Tuesday, 20 September 2016

The Veronica Scanner

Two weeks ago I had a 3D scan of my head made at the Royal Academy as part of the Veronica Scanner project. An interesting, if very short, experience, the scan itself taking just a matter of seconds.

Why did I do this? A very good question! I'm not a natural photographic subject, I don't mind spontaneous photographs but ask me to pose for a shot and I don't know what to do. I usually end up looking puzzled or gurning like a man in leave of his senses (some who know me may well think that description not too far off of the mark!)

I suppose it was partly just to try something different and to be part of an art project but it was also, perhaps, to see myself as others see me. We are used to seeing ourselves in a hard copy photograph or on a phone or a computer screen, but whether it's a still shot or a video, it is remains a slightly flat image. 3D promised something different. So why not give it a go.

So, what happened on the day? I turned up ahead of my booked time slot and took a quick look around before checking in at the desk.

There were a number of examples of printed heads on display, in a variety of materials. Of particular interest were a small series loosely based on the wonderful character heads created by Franz Xaver Messerschmidt in the late 18th century. Examples of his work are held in the collections of the V&A and the Wellcome.

The scanner itself sat in the middle of the room in a large perspex box. It looked like a giant, perforated, desk globe, split vertically with the two halves separated by a couple of feet and in the centre was a saddle-like seat.

After signing the waivers, which would allow the resulting images to be used as part of the project, and a very short wait, it was my turn to be scanned. The first choice I had to make was whether or not to wear my glasses. Apparently, most people have chosen to remove them. That didn't seem to make sense to me. Specs have been part of me for the last 50 plus years and relatively few people would remember me without them, so to keep them on was a no brainer.

The procedure was explained and I soon found myself perched on the saddle as the two halves of the sphere closed in on me. The saddle was raised by the operator to centre me in the scanner and we were good to go.

The sphere has 96 apertures and is lined with a number of low powered flash units. Eight Canon EOS 5D cameras are arranged in an arc on an exterior arm that resembles the support on a conventional globe. The cameras are timed to shoot as they pass the holes in the globe. The for those who care about these things, the overlapping pictures are saved as 24 megapixel RAW files.

Some other sitters chose to be quite creative with their poses but I decided on what I thought was a fairly neutral expression, not that I'm a great judge of these things (see my earlier comments). The operator asked me if I was ready and, after a reminder to remain still during the scan, she hit the button. It apparently takes four seconds to complete the scan, but at the time it seemed much quicker. I was aware of the arm swinging around the outside of the sphere and the flashes firing in sequence and then, it was all over. The cameras had taken their 96 shots and it was now down to the computers to make sense of it all.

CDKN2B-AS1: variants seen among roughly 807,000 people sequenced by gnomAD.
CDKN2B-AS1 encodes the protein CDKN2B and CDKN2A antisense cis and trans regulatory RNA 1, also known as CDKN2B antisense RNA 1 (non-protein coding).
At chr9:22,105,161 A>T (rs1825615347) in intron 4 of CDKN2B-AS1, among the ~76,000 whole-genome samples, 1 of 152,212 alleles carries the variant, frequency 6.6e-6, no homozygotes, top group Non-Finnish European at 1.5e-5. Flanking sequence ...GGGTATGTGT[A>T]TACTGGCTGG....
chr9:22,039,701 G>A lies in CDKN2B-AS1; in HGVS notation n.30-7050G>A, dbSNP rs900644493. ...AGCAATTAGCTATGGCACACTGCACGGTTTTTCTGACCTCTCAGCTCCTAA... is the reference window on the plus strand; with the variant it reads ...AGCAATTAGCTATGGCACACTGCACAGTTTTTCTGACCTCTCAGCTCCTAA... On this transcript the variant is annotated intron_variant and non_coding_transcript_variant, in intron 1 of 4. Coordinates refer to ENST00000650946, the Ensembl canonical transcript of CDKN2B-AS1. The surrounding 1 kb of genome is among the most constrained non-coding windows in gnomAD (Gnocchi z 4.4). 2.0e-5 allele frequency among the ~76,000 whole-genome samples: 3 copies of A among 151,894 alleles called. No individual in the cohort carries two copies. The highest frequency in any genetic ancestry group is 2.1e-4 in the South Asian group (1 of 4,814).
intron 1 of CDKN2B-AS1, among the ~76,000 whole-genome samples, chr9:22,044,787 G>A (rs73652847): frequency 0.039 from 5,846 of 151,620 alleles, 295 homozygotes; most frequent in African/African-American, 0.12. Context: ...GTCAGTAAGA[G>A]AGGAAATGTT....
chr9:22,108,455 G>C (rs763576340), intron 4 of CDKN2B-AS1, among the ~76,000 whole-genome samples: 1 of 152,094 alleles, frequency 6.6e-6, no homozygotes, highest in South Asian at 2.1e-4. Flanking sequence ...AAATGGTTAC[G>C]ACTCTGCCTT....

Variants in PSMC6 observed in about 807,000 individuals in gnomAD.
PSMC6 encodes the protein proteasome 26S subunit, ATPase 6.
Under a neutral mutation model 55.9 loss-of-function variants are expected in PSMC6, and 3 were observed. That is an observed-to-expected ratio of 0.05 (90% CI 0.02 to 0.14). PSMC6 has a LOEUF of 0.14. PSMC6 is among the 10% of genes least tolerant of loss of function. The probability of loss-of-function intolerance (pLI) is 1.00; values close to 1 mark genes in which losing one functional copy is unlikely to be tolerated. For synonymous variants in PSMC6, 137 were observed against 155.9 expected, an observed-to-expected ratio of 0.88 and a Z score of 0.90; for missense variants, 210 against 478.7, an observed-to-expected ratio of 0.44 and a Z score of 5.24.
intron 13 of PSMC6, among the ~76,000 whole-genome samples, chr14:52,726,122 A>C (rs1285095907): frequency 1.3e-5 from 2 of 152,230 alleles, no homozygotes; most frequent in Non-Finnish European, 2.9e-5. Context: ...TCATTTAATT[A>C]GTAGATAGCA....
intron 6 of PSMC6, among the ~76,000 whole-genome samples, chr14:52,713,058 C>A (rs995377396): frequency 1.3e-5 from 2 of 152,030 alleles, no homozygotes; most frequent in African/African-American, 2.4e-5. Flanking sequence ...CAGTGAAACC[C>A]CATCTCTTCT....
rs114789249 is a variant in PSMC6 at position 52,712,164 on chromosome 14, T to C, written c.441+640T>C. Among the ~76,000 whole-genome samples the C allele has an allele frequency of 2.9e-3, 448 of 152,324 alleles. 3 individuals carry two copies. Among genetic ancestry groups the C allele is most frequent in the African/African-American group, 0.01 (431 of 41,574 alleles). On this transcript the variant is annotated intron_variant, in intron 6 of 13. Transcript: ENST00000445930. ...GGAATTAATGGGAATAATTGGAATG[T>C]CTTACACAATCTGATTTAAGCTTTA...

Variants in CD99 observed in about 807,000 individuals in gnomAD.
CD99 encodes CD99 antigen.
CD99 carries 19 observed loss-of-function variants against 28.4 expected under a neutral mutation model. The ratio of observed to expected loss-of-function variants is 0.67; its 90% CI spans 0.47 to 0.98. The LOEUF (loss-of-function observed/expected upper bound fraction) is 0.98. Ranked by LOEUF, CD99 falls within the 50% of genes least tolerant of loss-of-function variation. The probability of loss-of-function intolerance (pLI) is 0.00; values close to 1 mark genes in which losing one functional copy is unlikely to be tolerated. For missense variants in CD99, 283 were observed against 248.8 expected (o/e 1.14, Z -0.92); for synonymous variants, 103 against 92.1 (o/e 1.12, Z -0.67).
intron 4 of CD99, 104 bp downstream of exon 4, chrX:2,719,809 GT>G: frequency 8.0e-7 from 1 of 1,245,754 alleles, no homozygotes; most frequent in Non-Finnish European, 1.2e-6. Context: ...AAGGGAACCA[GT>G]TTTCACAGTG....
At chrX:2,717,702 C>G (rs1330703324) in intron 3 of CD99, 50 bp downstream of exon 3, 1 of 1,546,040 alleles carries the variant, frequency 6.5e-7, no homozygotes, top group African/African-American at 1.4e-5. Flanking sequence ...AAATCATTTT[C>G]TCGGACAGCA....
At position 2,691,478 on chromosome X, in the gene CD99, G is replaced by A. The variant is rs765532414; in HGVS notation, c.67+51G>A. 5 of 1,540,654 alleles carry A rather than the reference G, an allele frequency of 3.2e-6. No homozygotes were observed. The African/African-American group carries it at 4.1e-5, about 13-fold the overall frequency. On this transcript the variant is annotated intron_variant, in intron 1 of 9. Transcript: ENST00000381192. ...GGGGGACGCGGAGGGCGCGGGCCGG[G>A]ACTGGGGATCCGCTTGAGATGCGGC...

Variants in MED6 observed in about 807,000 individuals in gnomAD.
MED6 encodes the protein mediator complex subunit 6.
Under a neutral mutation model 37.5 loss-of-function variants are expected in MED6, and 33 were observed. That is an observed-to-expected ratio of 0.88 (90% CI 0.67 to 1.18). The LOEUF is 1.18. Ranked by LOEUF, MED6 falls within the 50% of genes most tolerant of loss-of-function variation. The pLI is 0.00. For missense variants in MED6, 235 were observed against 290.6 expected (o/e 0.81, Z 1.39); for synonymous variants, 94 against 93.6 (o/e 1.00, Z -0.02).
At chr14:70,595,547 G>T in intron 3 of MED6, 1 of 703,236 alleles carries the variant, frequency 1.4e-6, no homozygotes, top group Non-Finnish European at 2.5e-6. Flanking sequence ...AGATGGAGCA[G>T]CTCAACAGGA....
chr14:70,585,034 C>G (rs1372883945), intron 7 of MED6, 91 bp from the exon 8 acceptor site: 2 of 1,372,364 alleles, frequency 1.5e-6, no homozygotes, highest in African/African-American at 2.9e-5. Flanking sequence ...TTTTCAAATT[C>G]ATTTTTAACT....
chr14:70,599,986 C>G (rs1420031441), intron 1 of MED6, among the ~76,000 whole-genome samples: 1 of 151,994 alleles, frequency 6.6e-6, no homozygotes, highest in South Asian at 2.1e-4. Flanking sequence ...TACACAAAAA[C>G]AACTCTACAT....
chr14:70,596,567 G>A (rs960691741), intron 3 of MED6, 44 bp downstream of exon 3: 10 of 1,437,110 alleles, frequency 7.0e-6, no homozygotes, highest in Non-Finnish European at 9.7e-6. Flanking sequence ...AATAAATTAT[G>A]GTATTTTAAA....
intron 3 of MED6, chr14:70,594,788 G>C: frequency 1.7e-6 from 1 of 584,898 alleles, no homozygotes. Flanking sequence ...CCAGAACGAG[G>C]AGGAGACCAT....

After a short wait to be sure that the 96 individual shots had been recorded, it was time to leave.

Now, two weeks later, those 96 individual photographs have been processed to produce this! It may take a little while for this to load (especially on a tablet, a friend and I have had problems on different Samsung Tabs, desktops and laptops seem OK) , but please be patient because, as the advert says, I'm worth it LOL.

I have to admit that I'm pleasantly surprised with the result. There were no guarantees that the scan would be successful and I was fairly convinced that something would go wrong, perhaps I had moved during the scan, or there would be a software glitch, but no, it has turned out OK.

So, what now? I have a digital file that I can send to a 3D printer to have my head recreated in a variety of materials from plastic to glass or even in chocolate. It is also possible to connect to a specialised routing machine to reproduce me in wood (a wooden head? Too close to the truth I think!). There is even the option to print in wax and then produce a bronze Me using the lost wax process! I'm not yet sure if any of these are going to happen for two main reasons. One, I suspect it is going to cost considerably more than a head, an arm and a leg to do it and, Two, I'm not sure that I want to be stared at, in my own home, by another version of me. Might check it out though. Just in case!

The guys below are not me!

In the nine days of the RA event more than 600 heads were scanned. The results of all of these scans can be seen here, along with more information on the project.

I'm not sure that I've learned any more about myself from this but it was an interesting experience with a surprisingly acceptable result.

That's it!

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